Today’s Reading: Acts 6
God sees beyond anything we can ever see. That’s why the Bible is quick to point out to us in Isaiah 55:8 that His thoughts are not our thoughts and His ways are higher than our ways. That’s important for us to remember as we look at today’s reading in Acts 6, because this is where the early church starts to get organized. It’s all brand new for them, as there has never been a church before.
I heard it said before: “If you find a path with no obstacles, it probably doesn’t go anywhere.” Well, the church had obstacles . . . and they were going somewhere. They were on a path to change the world.
Growth means life. But growth also means more people, and where there are more people, there are more problems. This is exactly what we find in Acts 6:1: “At this time while the disciples were increasing in number, a complaint arose on the part of the Hellenistic Jews against the native Hebrews, because their widows were being overlooked in the daily serving of food.”
I have heard people say that we need a church today like the early church. I know they don’t mean exactly what they are saying. They want the presence of the Holy Spirit but they forget that the early church had problems too. By Acts 5 and 6, the church already had people lying about the offering and dying and really upset widows who were not getting any food and being overlooked, and the implication was racism. The upset widows were Hellenistic and the widows who had food were Jewish. That’s the early church. They had their problems, but they also had leadership responsible to deal with it well.
That is our focus in today’s reading—how they dealt with this issue. The disciples knew this problem was not simply telling the people to start feeding the Hellenistic widows, it was also a great lesson on leadership and delegation: do what only you can do and not what others can contribute. So in response to this issue, they decided to choose the first deacons of the church. And this point is key: remember that His ways are higher than our ways. People need to be fed and served:
The twelve summoned the congregation of the disciples and said, “It is not desirable for us to neglect the word of God in order to serve tables. Therefore, brethren, select from among you seven men of good reputation, full of the Spirit and of wisdom, whom we may put in charge of this task. But we will devote ourselves to prayer and to the ministry of the word.” (Acts 6:2-4)
Pick people who have a good reputation, full of the Spirit and wisdom.
God has higher ways. It would have been easy to look for those who had been in the restaurant business, worked as a waiter or maître’d or a race relations person. I’m thinking of the issue at hand and trying to connect the issue with experience. But God’s ways are higher.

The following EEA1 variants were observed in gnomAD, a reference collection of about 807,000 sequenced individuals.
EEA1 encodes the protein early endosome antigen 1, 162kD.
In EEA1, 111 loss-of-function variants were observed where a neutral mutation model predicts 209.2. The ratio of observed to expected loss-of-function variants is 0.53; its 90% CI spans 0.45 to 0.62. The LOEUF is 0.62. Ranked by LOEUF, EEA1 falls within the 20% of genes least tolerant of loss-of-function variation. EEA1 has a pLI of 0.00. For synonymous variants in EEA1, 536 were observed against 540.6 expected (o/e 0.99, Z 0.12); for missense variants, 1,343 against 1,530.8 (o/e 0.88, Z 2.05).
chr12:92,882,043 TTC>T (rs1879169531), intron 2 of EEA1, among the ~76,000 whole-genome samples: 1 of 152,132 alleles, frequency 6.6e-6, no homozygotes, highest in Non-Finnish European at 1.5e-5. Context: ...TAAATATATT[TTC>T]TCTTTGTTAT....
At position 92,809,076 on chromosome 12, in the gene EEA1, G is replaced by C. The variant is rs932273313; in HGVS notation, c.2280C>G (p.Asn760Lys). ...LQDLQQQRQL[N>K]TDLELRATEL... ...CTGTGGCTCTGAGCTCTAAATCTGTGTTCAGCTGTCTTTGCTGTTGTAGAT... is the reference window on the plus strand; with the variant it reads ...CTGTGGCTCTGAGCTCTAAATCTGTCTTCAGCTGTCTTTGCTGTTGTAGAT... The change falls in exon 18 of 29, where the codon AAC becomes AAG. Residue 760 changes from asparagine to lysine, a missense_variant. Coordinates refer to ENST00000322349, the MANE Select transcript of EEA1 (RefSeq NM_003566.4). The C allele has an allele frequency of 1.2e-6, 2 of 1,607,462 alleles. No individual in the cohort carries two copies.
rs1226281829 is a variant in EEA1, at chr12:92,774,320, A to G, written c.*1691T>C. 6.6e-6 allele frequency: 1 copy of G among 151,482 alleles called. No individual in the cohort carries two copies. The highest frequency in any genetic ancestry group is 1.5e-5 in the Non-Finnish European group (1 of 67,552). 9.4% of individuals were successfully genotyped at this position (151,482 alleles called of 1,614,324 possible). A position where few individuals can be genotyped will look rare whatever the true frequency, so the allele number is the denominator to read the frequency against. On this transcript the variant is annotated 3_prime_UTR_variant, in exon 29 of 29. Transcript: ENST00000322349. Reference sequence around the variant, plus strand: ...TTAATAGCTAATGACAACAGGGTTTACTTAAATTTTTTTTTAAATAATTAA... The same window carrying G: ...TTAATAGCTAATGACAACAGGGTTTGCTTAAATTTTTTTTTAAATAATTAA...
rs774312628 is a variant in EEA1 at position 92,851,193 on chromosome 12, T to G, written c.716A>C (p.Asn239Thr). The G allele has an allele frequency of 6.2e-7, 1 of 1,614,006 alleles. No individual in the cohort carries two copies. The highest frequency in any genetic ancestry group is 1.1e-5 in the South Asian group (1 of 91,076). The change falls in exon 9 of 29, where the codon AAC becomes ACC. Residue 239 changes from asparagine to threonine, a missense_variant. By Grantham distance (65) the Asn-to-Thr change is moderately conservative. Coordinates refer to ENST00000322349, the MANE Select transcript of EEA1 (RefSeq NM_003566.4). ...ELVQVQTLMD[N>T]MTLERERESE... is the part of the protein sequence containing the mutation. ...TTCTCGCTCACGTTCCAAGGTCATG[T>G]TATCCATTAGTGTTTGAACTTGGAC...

God says we need to be Spirit-filled and we need wisdom and a good reputation. Why? Because God is higher and He sees further down the road and knows what we need. Because the requirements will be a weapon we can use later on.
Why these requirements?
It seems that the enemy knew that the Twelve were willing to die for their faith in God, so he had to attack the next level of leaders, which he did. It didn’t take long for these deacons to come under attack just as the twelve apostles had:
The word of God kept on spreading; and the number of the disciples continued to increase greatly in Jerusalem, and a great many of the priests were becoming obedient to the faith. And Stephen, full of grace and power, was performing great wonders and signs among the people. But some men from what was called the Synagogue of the Freedmen, including both Cyrenians and Alexandrians, and some from Cilicia and Asia, rose up and argued with Stephen. But they were unable to cope with the wisdom and the Spirit with which he was speaking. Then they secretly induced men to say, “We have heard him speak blasphemous words against Moses and against God.” (Acts 6:7-11)
The deacons’s three requirements would become their three weapons to fight the enemy’s attacks.
The widow issue was fixed. The church was still growing and even a great many priests were becoming born again. And that made the religious institution really upset, so they attacked the next level of leadership, and Stephen was in the crosshairs of their attack.
And this is amazing. When the religious leaders rose up to fight them, they were unable to cope with Stephen’s wisdom and the Spirit. Sound familiar from the verse 2 requirements?
We are still not done! They hired people to spread lies about Stephen (verse 11). But they had a problem with that: Stephen had a good reputation. That means all three requirements became weapons to fight their attacks.
When you see God giving prerequisites to a task, whether that be in pastoring, lay leadership, or even in marriage, it is because God sees further, and what you think is going to be a bother is going to be useful in the future. When God says not to marry an unbeliever (a prerequisite for a successful Christian marriage), but you are dead-set on marrying that person, you just lost your weapon for marriage. Marriage is hard enough, but to have two different worldviews for life and children? That’s almost impossible.
And by the way, when the devil thought only the apostles were willing to die for their faith, he got that way wrong! Stephen was all in and willing to lay his life on the line. As we’ll read tomorrow in Acts 7, Stephen died for Jesus. The first Christian martyr was a deacon.
It’s really easy to find people who know the truth. It’s really hard to find people who will stand up for the truth. No matter the cost.
You can’t skip steps with God. When God gives a requirement, it’s for a weapon. What you think is cumbersome is really armor.